The strength of this book is that Tsing doesn’t shy away from complexity and contradiction. She doesn’t try to tie everything into a tidy narrative. What emerges from this story of matsutake is not a neat timeline but an assemblage, a messy collision of cultures, biology and economics. Tsing’s ethonograpic mosaic mirrors the biology of the fungal world which is itself a bundle of contractions, at times symbiotic at other times parasitic with a complexity that we’ll never be able to fully grasp.

Matsutake, it turns out, thrives in forests disturbed by human activity. Like Kat Anderson’s masterful Tending the Wild, Tsing’s book shows the mistake of considering “nature” outside the presence of human beings. The matsutake economy, it turns out, is just about the perfect story with which to consider the neo-liberal and precarious ruin we find ourselves in. Tsing says,

Without stories of progress, the world has become a terrifying place. The ruin glares at us with the horror of its abandonment. It’s not easy to know how to make a life, much less avert planetary destruction. Luckily there is still company, human and not human. we can still explore the overgrown verges of our blasted landscapes–the edges of capitalist discipline, scalability, and abandoned resource plantations. We can still catch the scent of the latent commons–and the elusive autumn aroma.

Following the matsutake’s long mycelium threads, wherever they lead us, might just be what we need to do right now.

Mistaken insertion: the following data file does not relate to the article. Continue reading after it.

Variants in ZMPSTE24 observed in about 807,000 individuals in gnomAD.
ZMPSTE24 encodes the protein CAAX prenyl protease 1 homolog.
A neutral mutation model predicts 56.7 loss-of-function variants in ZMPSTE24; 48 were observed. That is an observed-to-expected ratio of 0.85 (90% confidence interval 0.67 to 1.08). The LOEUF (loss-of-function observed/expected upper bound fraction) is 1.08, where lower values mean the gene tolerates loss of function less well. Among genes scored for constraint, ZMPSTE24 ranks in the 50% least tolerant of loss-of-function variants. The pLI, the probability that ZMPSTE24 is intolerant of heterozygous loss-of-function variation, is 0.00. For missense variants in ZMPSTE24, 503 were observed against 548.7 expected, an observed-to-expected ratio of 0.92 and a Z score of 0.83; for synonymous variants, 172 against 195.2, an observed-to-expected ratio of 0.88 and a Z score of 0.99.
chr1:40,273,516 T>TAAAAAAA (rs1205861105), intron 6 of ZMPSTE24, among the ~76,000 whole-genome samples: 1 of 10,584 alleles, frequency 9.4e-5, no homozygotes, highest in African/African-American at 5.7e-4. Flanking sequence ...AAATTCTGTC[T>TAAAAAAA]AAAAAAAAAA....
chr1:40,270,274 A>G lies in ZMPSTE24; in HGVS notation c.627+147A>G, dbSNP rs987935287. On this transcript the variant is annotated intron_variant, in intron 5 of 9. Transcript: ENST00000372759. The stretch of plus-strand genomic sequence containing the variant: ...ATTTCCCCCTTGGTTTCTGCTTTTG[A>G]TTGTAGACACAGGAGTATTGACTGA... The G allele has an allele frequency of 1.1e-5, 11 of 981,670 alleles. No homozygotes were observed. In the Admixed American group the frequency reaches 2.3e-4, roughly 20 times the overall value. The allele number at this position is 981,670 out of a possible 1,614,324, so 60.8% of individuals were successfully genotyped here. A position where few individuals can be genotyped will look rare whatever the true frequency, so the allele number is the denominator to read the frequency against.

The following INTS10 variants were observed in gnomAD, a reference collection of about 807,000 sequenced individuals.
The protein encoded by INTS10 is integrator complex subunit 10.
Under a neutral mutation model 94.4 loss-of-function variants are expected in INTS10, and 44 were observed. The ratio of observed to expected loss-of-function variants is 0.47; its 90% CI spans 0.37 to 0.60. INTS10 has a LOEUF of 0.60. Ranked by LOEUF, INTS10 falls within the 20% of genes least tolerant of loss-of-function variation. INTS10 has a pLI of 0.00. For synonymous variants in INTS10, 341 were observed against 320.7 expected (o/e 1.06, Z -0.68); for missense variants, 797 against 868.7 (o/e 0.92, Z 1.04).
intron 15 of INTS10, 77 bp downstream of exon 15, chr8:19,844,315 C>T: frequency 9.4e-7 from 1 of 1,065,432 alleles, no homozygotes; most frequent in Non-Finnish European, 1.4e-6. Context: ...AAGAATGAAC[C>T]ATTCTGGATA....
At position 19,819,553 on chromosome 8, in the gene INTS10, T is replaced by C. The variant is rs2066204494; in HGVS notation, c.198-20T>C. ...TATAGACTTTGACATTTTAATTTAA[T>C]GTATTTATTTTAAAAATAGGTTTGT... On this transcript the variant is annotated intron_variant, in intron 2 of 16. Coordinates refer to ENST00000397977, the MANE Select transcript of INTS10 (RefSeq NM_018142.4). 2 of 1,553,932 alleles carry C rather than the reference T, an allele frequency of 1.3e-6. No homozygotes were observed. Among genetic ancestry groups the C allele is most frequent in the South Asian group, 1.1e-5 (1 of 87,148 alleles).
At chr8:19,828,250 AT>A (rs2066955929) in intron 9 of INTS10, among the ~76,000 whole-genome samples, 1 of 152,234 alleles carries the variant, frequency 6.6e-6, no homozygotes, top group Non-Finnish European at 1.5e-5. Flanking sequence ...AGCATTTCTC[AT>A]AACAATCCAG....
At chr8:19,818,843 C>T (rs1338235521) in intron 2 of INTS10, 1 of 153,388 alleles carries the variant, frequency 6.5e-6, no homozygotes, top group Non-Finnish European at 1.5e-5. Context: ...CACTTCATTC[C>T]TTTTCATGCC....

077 Radical Mycology

peter-mccoysmall

Our guest this week is Peter McCoy. Peter is a self-taught mycologist with 15 years of accumulated study and experience, Peter is an original founder of Radical Mycology, a grassroots organization and movement that teaches the skills needed to work with mushrooms and other fungi for personal, societal, and ecological resilience. Peter is the lead cultivation expert for the Amazon Mycorenewal Project and Open Source Ecology and the primary author behind Radical Mycology, a nearly 700-page book on accessible mycology and mushroom cultivation. During the podcast we discuss:

  • What are fungi?
  • How to cultivate edible and medicinal mushrooms
  • How to establish a mushroom bed in your garden
  • Tempeh
  • Peter’s cultivation how-to videos
  • Growing mushrooms in an apartment
  • Easy to grow mushroom: King Stropharia
  • Source for spawn: Field and Forest
  • Plugs
  • Improving soil with fungi
  • Remediating soil
  • Peter’s new book Radical Mycology

If you want to leave a question for the Root Simple Podcast please call (213) 537-2591 or send an email to [email protected]. You can subscribe to our podcast in the iTunes store and on Stitcher. The theme music is by Dr. Frankenstein. A downloadable version of this podcast is here.

Stinkhorn NSFW!

Proof that the mind of Gaia has a crude sense of humor–something along the lines of, “Let’s find another design context for that dog reproductive appendage, only this time we’ll make it slimy and smell like carrion.” I guess you gotta do whatever it takes to get those spores around even if it means pandering to blow flies. 

Extra points to the mycologist out there who pins down the scientific name of this fly attractin’ stinkhorn mushroom. Comments!